For Cocotzin Ruiz, as with me and many other people of Mexican descent, it was the desire for healing that brought her closer to her traditions. She took her first steps toward becoming a curandera, she told me, when her brother contracted HIV in 1991. She tended to him, massaged his feet to help him relax. Just before he passed, he told her she should go to massage school, which she did.
“Those words set me on my path,” she said. She began studying curanderismo and incorporating her love of food into her practice. I couldn’t help but think of my abuela, about how after she died my aunt made an ofrenda, a traditional altar with flowers, candles, and food, for her on the Day of the Dead for the first time. It was an act of healing after death, a way for us, as a family, to make peace with loss. I thought about how the acid taste of pain and death and sickness draws the ancient things out of us.
The ingredients of caldo de pollo are startlingly simple. It’s a soup made for chucking—chunks of meat, vegetable stubs, other scraps. It’s ideal for any low-income family with an already busy kitchen, a sick kid on their hands, and a botanical arsenal at their disposal in their gardens. Abuela had one like that. She’d give us mint leaves to chew on when we had bellyaches. She’d break off pieces of aloe vera when we were sunburnt, and give us chili peppers to clear our sinuses; living history, living remedies, smuggled through seeds and songs and sopas.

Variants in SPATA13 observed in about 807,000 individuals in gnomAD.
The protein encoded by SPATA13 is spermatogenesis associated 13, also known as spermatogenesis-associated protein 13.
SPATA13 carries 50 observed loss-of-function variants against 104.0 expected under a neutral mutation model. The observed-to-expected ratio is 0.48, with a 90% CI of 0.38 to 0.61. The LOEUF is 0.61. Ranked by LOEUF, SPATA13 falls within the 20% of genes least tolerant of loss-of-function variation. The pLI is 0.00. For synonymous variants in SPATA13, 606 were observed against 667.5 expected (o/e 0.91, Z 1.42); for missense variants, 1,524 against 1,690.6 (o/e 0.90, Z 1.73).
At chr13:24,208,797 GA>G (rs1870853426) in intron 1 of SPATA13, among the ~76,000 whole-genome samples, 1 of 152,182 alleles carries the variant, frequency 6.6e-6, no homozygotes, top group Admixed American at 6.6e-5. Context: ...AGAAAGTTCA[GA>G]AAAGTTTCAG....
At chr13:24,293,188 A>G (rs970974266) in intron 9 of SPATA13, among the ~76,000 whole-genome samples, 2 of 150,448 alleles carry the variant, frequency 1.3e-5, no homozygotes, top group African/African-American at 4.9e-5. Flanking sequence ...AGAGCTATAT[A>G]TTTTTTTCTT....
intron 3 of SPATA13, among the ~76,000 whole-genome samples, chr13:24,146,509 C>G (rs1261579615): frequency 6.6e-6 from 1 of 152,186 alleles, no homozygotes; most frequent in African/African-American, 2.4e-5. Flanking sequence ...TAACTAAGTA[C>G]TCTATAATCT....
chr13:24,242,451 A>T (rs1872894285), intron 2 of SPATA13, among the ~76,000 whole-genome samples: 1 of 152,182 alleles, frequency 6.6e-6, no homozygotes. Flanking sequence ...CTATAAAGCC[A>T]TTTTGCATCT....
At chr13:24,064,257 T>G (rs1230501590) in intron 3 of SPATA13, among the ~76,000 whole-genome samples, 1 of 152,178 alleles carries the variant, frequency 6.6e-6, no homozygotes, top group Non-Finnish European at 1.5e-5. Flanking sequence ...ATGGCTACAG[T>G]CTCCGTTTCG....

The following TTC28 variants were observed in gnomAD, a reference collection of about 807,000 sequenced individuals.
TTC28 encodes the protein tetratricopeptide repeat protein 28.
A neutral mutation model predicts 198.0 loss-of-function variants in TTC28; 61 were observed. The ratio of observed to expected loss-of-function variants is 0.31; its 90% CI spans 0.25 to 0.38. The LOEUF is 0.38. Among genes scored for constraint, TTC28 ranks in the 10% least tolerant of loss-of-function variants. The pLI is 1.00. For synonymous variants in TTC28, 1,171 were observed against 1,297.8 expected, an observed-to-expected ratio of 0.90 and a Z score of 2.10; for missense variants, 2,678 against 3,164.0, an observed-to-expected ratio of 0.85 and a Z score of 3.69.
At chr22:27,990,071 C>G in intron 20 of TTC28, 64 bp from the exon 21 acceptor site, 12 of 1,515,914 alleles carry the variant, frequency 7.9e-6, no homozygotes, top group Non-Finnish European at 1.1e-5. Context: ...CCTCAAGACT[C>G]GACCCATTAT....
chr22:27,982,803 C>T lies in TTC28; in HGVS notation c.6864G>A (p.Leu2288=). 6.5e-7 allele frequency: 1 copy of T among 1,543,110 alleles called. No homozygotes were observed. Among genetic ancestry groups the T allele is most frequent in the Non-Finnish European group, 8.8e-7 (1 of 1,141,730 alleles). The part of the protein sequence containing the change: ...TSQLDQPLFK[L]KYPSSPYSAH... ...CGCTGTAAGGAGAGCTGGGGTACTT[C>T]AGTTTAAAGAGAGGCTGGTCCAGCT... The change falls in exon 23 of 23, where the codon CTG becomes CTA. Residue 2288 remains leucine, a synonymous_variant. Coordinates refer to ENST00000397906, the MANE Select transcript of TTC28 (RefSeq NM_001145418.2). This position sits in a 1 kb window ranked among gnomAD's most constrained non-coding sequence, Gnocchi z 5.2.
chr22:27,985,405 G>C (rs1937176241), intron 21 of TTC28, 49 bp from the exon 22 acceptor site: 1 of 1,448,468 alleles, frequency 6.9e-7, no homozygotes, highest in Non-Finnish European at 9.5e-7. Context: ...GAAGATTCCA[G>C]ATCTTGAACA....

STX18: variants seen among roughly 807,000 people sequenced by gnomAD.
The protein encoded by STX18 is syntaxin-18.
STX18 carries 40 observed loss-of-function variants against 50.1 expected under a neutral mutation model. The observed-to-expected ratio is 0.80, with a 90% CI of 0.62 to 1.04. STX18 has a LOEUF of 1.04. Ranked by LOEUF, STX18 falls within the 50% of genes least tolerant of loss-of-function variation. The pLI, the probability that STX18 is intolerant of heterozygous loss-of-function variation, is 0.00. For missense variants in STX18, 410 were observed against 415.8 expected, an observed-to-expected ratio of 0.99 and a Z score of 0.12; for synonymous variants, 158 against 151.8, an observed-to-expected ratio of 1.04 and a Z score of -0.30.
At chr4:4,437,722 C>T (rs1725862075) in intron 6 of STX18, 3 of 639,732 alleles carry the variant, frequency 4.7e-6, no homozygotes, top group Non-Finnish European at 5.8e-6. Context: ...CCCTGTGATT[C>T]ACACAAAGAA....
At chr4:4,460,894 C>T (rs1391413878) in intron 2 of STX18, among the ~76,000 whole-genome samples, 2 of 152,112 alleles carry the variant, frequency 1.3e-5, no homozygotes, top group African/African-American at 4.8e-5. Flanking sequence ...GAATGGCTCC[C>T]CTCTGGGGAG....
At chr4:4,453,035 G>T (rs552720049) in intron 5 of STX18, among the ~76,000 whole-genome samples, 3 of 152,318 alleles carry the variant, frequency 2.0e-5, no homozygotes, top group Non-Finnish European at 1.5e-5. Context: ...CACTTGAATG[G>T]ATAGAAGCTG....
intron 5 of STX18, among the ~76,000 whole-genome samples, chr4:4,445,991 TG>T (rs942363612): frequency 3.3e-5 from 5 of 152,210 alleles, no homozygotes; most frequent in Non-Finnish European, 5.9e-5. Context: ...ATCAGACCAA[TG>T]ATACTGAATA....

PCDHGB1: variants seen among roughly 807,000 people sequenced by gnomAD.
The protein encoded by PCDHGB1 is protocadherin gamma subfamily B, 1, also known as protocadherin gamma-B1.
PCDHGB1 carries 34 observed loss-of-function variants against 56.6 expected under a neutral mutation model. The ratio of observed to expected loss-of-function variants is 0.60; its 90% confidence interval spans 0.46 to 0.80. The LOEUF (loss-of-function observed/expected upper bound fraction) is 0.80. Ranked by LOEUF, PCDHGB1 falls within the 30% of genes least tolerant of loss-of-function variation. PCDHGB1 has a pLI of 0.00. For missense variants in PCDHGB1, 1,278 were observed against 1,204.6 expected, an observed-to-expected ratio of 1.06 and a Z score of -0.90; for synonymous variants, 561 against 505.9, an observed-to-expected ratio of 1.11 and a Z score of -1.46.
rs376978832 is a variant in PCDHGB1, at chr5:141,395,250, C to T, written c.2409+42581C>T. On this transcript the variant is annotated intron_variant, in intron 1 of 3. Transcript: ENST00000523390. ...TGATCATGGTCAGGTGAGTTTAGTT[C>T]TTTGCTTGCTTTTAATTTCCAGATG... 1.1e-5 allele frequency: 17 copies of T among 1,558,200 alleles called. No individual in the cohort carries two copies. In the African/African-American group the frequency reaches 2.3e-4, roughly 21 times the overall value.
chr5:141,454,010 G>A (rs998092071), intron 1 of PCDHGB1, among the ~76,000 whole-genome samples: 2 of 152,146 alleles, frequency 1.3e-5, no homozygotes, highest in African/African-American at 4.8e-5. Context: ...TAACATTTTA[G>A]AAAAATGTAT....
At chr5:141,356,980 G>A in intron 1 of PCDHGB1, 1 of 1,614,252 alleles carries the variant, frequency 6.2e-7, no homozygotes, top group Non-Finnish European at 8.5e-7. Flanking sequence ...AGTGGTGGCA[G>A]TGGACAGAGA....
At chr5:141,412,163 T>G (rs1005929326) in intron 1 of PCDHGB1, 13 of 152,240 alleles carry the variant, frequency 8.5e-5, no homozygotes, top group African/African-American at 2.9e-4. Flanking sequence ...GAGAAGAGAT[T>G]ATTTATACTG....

I tried to make it for myself once when I came down with a bad cold. I threw all the right materials into the pot, and it came out tasting about the same, but it didn’t have the same profound effect. I think a crucial ingredient is the presence of someone else, someone who sings and stirs the broth, someone who places the bowl in front of you, someone who cares about you and wants to see you get better.
VapoRub won’t really cure the flu on its own. Sprite won’t really cure a stomachache. And maybe Abuela’s caldo de pollo, magic as it was, never broke any of my fevers. Maybe there’s some science to it. There probably is. But that doesn’t really matter to me. These things are more a technology of the spirit than anything else, items of ritual healing. They tell us, “You are cared for. You are loved. You will be well again.” We reach for these things, as if by animal instinct, when we feel ill. As we wait for fever to break, it can be comforting to consider that, in times of distress, our bodies remember who we are.